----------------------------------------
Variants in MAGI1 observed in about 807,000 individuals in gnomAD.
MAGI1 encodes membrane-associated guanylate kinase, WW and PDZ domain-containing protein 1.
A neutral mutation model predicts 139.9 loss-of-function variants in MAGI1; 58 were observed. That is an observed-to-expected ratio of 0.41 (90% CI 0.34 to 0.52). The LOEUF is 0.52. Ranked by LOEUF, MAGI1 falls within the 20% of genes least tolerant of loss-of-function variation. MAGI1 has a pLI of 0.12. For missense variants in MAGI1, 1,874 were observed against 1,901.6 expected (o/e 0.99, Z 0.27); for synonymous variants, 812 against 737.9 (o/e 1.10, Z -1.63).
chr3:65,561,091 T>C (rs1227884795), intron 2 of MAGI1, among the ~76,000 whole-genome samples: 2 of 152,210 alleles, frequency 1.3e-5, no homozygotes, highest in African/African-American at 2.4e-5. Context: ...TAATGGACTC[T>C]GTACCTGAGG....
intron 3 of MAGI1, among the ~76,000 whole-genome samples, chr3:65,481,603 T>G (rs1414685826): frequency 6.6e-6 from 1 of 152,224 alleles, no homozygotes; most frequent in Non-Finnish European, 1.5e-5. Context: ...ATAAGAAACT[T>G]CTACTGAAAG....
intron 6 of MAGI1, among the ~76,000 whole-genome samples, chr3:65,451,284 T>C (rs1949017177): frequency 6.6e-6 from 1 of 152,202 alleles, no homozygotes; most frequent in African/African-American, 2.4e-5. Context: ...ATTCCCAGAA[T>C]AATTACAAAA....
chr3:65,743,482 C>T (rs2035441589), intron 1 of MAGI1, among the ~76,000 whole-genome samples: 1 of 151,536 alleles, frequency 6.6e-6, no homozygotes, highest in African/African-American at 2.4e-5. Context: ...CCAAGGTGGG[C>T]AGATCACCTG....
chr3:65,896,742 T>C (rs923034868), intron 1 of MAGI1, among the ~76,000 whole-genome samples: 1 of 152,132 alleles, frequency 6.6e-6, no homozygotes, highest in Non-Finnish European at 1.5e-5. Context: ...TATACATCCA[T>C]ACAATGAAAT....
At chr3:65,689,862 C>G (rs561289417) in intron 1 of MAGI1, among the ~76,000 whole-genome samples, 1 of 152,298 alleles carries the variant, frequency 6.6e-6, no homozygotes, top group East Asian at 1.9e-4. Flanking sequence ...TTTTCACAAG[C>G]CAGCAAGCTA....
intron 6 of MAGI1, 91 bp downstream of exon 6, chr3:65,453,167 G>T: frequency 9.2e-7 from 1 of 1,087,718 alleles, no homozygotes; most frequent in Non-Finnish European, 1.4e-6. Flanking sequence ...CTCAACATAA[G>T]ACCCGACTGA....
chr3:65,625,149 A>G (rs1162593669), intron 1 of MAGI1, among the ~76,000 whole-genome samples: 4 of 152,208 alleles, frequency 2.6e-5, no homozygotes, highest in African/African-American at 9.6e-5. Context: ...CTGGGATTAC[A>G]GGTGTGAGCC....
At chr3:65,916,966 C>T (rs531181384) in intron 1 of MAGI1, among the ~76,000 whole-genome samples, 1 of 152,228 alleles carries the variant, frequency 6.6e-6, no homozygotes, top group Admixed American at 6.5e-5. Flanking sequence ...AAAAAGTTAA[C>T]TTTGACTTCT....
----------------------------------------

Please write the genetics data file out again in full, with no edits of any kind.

Variants in MAGI1 observed in about 807,000 individuals in gnomAD.
MAGI1 encodes membrane-associated guanylate kinase, WW and PDZ domain-containing protein 1.
A neutral mutation model predicts 139.9 loss-of-function variants in MAGI1; 58 were observed. That is an observed-to-expected ratio of 0.41 (90% CI 0.34 to 0.52). The LOEUF is 0.52. Ranked by LOEUF, MAGI1 falls within the 20% of genes least tolerant of loss-of-function variation. MAGI1 has a pLI of 0.12. For missense variants in MAGI1, 1,874 were observed against 1,901.6 expected (o/e 0.99, Z 0.27); for synonymous variants, 812 against 737.9 (o/e 1.10, Z -1.63).
chr3:65,561,091 T>C (rs1227884795), intron 2 of MAGI1, among the ~76,000 whole-genome samples: 2 of 152,210 alleles, frequency 1.3e-5, no homozygotes, highest in African/African-American at 2.4e-5. Context: ...TAATGGACTC[T>C]GTACCTGAGG....
intron 3 of MAGI1, among the ~76,000 whole-genome samples, chr3:65,481,603 T>G (rs1414685826): frequency 6.6e-6 from 1 of 152,224 alleles, no homozygotes; most frequent in Non-Finnish European, 1.5e-5. Context: ...ATAAGAAACT[T>G]CTACTGAAAG....
intron 6 of MAGI1, among the ~76,000 whole-genome samples, chr3:65,451,284 T>C (rs1949017177): frequency 6.6e-6 from 1 of 152,202 alleles, no homozygotes; most frequent in African/African-American, 2.4e-5. Context: ...ATTCCCAGAA[T>C]AATTACAAAA....
chr3:65,743,482 C>T (rs2035441589), intron 1 of MAGI1, among the ~76,000 whole-genome samples: 1 of 151,536 alleles, frequency 6.6e-6, no homozygotes, highest in African/African-American at 2.4e-5. Context: ...CCAAGGTGGG[C>T]AGATCACCTG....
chr3:65,896,742 T>C (rs923034868), intron 1 of MAGI1, among the ~76,000 whole-genome samples: 1 of 152,132 alleles, frequency 6.6e-6, no homozygotes, highest in Non-Finnish European at 1.5e-5. Context: ...TATACATCCA[T>C]ACAATGAAAT....
At chr3:65,689,862 C>G (rs561289417) in intron 1 of MAGI1, among the ~76,000 whole-genome samples, 1 of 152,298 alleles carries the variant, frequency 6.6e-6, no homozygotes, top group East Asian at 1.9e-4. Flanking sequence ...TTTTCACAAG[C>G]CAGCAAGCTA....
intron 6 of MAGI1, 91 bp downstream of exon 6, chr3:65,453,167 G>T: frequency 9.2e-7 from 1 of 1,087,718 alleles, no homozygotes; most frequent in Non-Finnish European, 1.4e-6. Flanking sequence ...CTCAACATAA[G>T]ACCCGACTGA....
chr3:65,625,149 A>G (rs1162593669), intron 1 of MAGI1, among the ~76,000 whole-genome samples: 4 of 152,208 alleles, frequency 2.6e-5, no homozygotes, highest in African/African-American at 9.6e-5. Context: ...CTGGGATTAC[A>G]GGTGTGAGCC....
At chr3:65,916,966 C>T (rs531181384) in intron 1 of MAGI1, among the ~76,000 whole-genome samples, 1 of 152,228 alleles carries the variant, frequency 6.6e-6, no homozygotes, top group Admixed American at 6.5e-5. Flanking sequence ...AAAAAGTTAA[C>T]TTTGACTTCT....